With Manchester United having already won the league, the Red Devils lost 1-0 at home to the Hammers on the final day of the campaign, but a bitter legal dispute was to follow as Sheffield United sought to reclaim some of the money they felt that they'd been cheated out of following their relegation, which had effectively been caused by Tevez.

    The dispute rumbled on for almost two years, before West Ham were forced to pay the Blades £20 million over five years to compensate for loss of income (Independent).

7. 1995/96: Manchester City Think a Draw Is Enough to Survive, They're Wrong

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    Mark Thompson/Getty Images

    Knowing that his side needed to better the result of one of Southampton or Coventry to stay in the Premier League at the end of the 1995/96 season, Manchester City manager Alan Ball thought that his side's 2-2 draw at home to Liverpool was going to be enough once he heard that Coventry were losing.

    Except Coventry weren't losing, so Ball's instructions to his players to start of keeping the ball near the corner flag and waste time was in fact harming their chances.

    The substituted Niall Quinn ended up racing down the touchline to tell his teammates that they needed to win the match, but it was too late. Ball and City were relegated and left wondering what might have been. 

6. 1993/94: Everton Come Back from the Brink and Stay Up

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    Clive Brunskill/Getty Images

    Widely regarded as one of the greatest afternoons in Everton's history, the Blues came from 2-0 down to beat Wimbledon on the final day of the 1993/94 season and preserve their proud top-flight record.

    Everton had looked down and out at a raucous Goodison Park, but a Graham Stuart penalty, a fine strike from Barry Horne and then Stuart again nine minutes from time turned a 2-0 deficit into a 3-2 victory, as the Blues climbed out of the bottom three and sent Sheffield United down instead.

     

5. 2007/08: Fulham Come Back from the Dead, While Manchester United Win Title

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    Hamish Blair/Getty Images

    Roy Hodgson's Fulham side had looked all but down at various points of the 2007/08 season, only for a stunning late escape.

    Heading into their last game of the season at Portsmouth, the Whites knew that a victory would see them survive and send Reading and Birmingham City down in their place, and despite a nervy display at Fratton Park they ultimately delivered the victory.

    Danny Murphy's header 14 minutes from time settled the contest and Hodgson's place in Fulham folklore, having inspired one of the great comebacks in Premier League history.

    Meanwhile, at the other end of the table, a 2-0 win for Manchester United at Wigan saw them win the league by two points from Chelsea, who could only draw with Bolton at Stamford Bridge.

4. 2010/11: Blackpool and Birmingham Go Down, Wigan and Wolves Stay Up

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    Shaun Botterill/Getty Images

    A crazy final day at the bottom in the 2010/11 season saw five clubs alternate positions at the foot of the table, with Blackpool and Birmingham ultimately losing the intense game of musical chairs.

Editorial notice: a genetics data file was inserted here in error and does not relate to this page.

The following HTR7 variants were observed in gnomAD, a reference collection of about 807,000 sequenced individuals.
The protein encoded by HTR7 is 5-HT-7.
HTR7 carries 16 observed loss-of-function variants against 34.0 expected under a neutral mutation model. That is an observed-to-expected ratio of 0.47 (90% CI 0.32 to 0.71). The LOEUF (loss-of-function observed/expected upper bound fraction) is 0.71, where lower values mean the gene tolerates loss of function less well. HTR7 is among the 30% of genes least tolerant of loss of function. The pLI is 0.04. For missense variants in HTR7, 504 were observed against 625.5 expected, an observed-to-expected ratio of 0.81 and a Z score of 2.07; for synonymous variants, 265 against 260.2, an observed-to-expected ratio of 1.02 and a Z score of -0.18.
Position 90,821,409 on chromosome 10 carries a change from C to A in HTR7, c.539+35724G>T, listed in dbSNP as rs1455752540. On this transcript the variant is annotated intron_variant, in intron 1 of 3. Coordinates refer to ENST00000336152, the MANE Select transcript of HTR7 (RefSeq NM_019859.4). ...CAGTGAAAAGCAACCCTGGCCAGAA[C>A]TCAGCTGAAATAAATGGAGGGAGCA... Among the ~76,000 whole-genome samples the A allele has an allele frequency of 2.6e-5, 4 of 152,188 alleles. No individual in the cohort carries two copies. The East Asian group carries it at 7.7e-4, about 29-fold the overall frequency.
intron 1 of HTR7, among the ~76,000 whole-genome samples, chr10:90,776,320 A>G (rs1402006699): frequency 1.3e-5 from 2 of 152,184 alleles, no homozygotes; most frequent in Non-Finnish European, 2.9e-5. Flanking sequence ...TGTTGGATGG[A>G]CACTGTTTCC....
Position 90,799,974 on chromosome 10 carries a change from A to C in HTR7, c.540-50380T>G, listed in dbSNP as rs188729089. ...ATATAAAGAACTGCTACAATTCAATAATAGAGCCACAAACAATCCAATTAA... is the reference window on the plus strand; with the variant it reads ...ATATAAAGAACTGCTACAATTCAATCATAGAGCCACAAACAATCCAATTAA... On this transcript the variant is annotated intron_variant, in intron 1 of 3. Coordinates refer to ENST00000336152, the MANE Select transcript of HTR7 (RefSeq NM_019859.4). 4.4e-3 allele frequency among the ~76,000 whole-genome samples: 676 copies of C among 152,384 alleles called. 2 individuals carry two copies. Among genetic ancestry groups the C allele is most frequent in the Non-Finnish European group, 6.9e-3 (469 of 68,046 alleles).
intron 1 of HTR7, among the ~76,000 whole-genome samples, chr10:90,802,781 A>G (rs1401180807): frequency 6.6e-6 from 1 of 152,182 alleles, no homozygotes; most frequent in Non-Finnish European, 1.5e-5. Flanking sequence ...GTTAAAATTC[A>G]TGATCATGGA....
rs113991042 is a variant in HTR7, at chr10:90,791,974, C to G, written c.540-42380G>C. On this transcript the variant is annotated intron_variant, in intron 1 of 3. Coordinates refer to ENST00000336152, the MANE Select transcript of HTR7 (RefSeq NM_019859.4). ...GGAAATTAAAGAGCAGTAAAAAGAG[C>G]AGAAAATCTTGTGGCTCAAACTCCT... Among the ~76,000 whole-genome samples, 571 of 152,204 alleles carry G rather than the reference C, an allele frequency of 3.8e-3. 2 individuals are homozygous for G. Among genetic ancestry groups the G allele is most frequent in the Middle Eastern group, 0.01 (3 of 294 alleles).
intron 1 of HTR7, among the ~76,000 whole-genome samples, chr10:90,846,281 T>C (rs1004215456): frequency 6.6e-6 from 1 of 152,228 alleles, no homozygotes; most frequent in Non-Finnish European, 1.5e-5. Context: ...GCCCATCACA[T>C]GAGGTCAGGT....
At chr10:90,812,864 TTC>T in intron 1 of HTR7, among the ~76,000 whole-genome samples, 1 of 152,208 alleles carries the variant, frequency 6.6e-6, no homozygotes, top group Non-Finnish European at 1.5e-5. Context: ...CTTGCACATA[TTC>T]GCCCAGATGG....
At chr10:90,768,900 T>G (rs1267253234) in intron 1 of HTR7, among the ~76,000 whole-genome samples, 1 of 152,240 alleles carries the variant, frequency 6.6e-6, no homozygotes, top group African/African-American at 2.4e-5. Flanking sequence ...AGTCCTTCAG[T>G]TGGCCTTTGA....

The Tangerines lost at Manchester United and Birmingham were beaten at Tottenham, results that ensured Wolves, Blackburn and Wigan all stayed up despite all being in danger of the drop at various points in the afternoon.

    Stephen Hunt scored a late goal for Wolves in their 3-2 defeat at home to Blackburn, which proved crucial for the hosts' goal difference, while Hugo Rodallega's winner for Wigan at Stoke ensured that they completed a remarkable turnaround just weeks after it looked as though they were as good as down.

3. 2004/05: West Bromwich Albion Pull off the Great Escape

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    Laurence Griffiths/Getty Images

    Being bottom of the Premier League table at Christmas was, we were often told, fatal for your hopes of avoiding relegation, but West Bromwich Albion blew that theory apart following a remarkable final day of the season in 2005.

    Southampton, Norwich, Crystal Palace and West Brom were all in and out of the bottom three places at various points of the afternoon, but the Baggies' 2-0 win at home to Portsmouth proved vital, as Southampton lost at home to Manchester United, Norwich were thrashed 6-0 at Fulham and Crystal Palace could only earn a draw at Charlton.

    When confirmation of the other results came in, fans rushed onto the pitch at a scarcely believing Hawthorns.

2. 1994/95: Kenny Dalglish's Blackburn Lose to Liverpool but Win the League

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    Getty Images/Getty Images

    Jamie Redknapp almost made himself one of the most unpopular players in Liverpool's history at the end of the 1994/95 season.

    Reds fans were hoping that club icon Kenny Dalglish could steer his Blackburn Rovers side to the league title at the expense of Liverpool's rivals Manchester United when they arrived at Anfield on the final day of the season, and their top scorer Alan Shearer soon put them 1-0 up.

    John Barnes equalised for the Reds, and then Redknapp curled home a free-kick in stoppage time to stunned silence at Anfield. However, seconds later news came through that Manchester United had only managed to draw at West Ham, ensuring that that title was Dalglish's and Redknapp could breathe easily.

    A West Ham side with nothing to play for denying a team from Manchester the league title on the final day of the season. Remind you of anything?

1. 2011/12: Sergio Aguero Strikes in the Nick of Time for Manchester City

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    Shaun Botterill/Getty Images

    Due to their vastly superior goal difference over rivals Manchester United, Manchester City knew that all they had to do was beat Queens Park Rangers on the final day of the 2011/12 season to secure a first league title in 44 years. It was never going to be as easy as that, though.

    Pablo Zabaleta gave them the lead in the first half, but Djibril Cisse and Jamie Mackie remarkably put relegation-threatened QPR ahead at the Etihad Stadium, despite ex-City man Joey Barton being sent off in between the goals.

    With United winning 1-0 at Sunderland, the title looked to be theirs as the match entered stoppage time, only for Edin Dzeko and then Sergio Aguero both astonishingly find the net in stoppage time and seal a 3-2 victory for City, securing the league title in the most dramatic manner possible.